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UMass Medical School community holds vigil in memory of George Floyd

Local chapters of White Coats for Black Lives and Student National Medical Association welcome more than 500 participants

UMass Medical School Communications

junio 05, 2020

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More than 500 students, faculty, staff and caregivers from UMass Medical School and UMass Memorial Medical Center—University Campus, wearing masks and standing six feet apart, took part in a silent vigil for George Floyd on Friday, June 5, on the campus green at UMass Medical School. A second gathering took place simultaneously at UMass Memorial Medical Center—Memorial Campus on Belmont Street. The nonviolent protest in support of the end of racism and police brutality suffered by black people in the United States was organized in part by the UMass Medical School chapter of the White Coats for Black Lives organization and the Student National Medical Association.

“This is our fight,” said Meme Tran, MD, SOM ’19, an emergency medicine resident at UMass Memorial Medical Center and an organizer of the event. “Racism is a public health crisis.”

Dr Tran thanked participants for paying tribute to Floyd, who died on May 25 while being held down by police in Minneapolis, Minnesota. Four police officers have been charged in his death.

“Standing in solidarity with so many caregivers who have come together today on the UMass Medical School campus is inspiring, impactful and fuels my belief that we can make meaningful progress toward ending the persistent structural racism that tarnishes our nation,” said Chancellor Michael F. Collins. “Let this be one of many steps we take as individuals, and together as an institution committed to embracing the full richness of diverse people, perspectives and experiences.”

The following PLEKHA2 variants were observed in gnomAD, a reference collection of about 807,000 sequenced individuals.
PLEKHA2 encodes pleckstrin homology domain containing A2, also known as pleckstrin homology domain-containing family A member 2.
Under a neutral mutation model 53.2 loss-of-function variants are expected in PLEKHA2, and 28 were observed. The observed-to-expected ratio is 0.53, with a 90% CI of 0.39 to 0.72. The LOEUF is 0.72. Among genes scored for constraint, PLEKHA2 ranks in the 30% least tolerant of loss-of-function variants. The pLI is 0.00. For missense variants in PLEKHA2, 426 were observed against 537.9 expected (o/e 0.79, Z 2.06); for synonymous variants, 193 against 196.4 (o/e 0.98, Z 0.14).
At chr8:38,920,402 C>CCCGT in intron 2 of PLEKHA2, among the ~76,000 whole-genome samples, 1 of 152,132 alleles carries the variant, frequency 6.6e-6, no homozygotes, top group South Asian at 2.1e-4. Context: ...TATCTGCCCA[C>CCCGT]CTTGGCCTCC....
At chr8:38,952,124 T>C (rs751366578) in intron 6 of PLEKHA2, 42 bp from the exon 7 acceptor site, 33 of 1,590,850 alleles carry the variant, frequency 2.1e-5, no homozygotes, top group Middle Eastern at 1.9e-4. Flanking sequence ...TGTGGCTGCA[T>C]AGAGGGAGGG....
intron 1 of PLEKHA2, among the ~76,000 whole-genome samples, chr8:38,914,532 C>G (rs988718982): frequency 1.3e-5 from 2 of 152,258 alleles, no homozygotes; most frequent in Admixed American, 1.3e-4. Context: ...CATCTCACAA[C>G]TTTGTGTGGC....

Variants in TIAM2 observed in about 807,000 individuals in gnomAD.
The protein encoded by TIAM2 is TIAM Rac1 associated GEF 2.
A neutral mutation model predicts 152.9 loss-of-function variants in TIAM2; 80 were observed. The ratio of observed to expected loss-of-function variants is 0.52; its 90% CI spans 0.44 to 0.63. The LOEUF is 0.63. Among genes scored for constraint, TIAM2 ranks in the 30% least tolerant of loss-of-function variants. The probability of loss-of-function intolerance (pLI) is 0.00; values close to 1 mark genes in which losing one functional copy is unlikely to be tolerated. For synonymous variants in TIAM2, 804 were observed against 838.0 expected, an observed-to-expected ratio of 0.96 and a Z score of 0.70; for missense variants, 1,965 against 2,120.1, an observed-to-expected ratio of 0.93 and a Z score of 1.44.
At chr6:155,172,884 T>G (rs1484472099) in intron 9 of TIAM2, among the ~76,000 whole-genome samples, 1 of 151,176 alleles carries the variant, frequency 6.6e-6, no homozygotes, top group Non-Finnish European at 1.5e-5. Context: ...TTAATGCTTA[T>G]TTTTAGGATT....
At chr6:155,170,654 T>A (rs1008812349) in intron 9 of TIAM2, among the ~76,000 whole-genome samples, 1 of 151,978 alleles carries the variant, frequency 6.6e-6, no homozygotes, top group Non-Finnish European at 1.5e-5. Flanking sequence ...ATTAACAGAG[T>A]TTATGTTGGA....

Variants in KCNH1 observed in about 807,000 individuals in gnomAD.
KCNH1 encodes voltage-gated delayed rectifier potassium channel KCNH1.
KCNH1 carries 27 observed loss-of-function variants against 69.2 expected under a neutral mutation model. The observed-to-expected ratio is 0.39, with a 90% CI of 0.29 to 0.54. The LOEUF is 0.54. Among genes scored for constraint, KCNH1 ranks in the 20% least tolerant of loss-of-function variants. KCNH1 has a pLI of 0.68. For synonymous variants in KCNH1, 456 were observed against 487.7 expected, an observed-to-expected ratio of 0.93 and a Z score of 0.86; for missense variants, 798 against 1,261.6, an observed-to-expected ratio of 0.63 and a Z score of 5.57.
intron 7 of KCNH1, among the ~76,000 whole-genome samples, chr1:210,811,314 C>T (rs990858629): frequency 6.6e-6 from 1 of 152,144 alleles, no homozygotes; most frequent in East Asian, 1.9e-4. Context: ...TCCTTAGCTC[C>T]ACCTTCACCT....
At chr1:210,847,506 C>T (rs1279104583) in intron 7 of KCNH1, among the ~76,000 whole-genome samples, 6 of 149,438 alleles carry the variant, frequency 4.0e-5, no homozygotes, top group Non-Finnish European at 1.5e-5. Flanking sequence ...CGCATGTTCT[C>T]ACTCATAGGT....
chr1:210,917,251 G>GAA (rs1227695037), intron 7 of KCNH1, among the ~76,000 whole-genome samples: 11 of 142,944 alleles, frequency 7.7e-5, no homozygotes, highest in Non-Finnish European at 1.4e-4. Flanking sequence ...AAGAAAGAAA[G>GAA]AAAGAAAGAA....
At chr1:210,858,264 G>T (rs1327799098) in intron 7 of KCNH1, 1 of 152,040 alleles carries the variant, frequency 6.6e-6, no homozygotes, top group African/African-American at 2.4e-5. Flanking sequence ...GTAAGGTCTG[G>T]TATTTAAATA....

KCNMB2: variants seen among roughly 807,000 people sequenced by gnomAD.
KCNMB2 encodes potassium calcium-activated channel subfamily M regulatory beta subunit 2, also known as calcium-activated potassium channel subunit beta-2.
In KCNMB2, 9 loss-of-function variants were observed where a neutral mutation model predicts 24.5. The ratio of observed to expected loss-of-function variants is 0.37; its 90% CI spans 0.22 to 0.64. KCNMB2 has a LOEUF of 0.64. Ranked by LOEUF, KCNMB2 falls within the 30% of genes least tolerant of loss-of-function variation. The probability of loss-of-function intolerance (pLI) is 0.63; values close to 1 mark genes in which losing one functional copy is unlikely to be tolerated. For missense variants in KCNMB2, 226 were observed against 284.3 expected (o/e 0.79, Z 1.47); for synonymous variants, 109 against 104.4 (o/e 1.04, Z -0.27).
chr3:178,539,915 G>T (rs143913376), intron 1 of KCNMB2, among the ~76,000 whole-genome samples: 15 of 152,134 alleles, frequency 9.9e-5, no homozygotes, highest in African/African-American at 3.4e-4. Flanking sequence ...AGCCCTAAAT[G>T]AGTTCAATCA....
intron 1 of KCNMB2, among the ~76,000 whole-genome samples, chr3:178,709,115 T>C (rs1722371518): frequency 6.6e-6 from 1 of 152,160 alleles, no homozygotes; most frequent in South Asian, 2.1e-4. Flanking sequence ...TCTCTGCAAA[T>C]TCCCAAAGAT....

In addition to the crowd assembled, more than 125 people participated virtually through an online link. All stood silent for 10 minutes, in recognition of the amount of time that Floyd was held by police as he begged for air and then stopped breathing. His death has been ruled a homicide.

“It’s important for me to be here to show people that they are not going through this alone,” said Kevin Enabulele, SOM ’23 and co-president of the UMMS chapter of SNMA.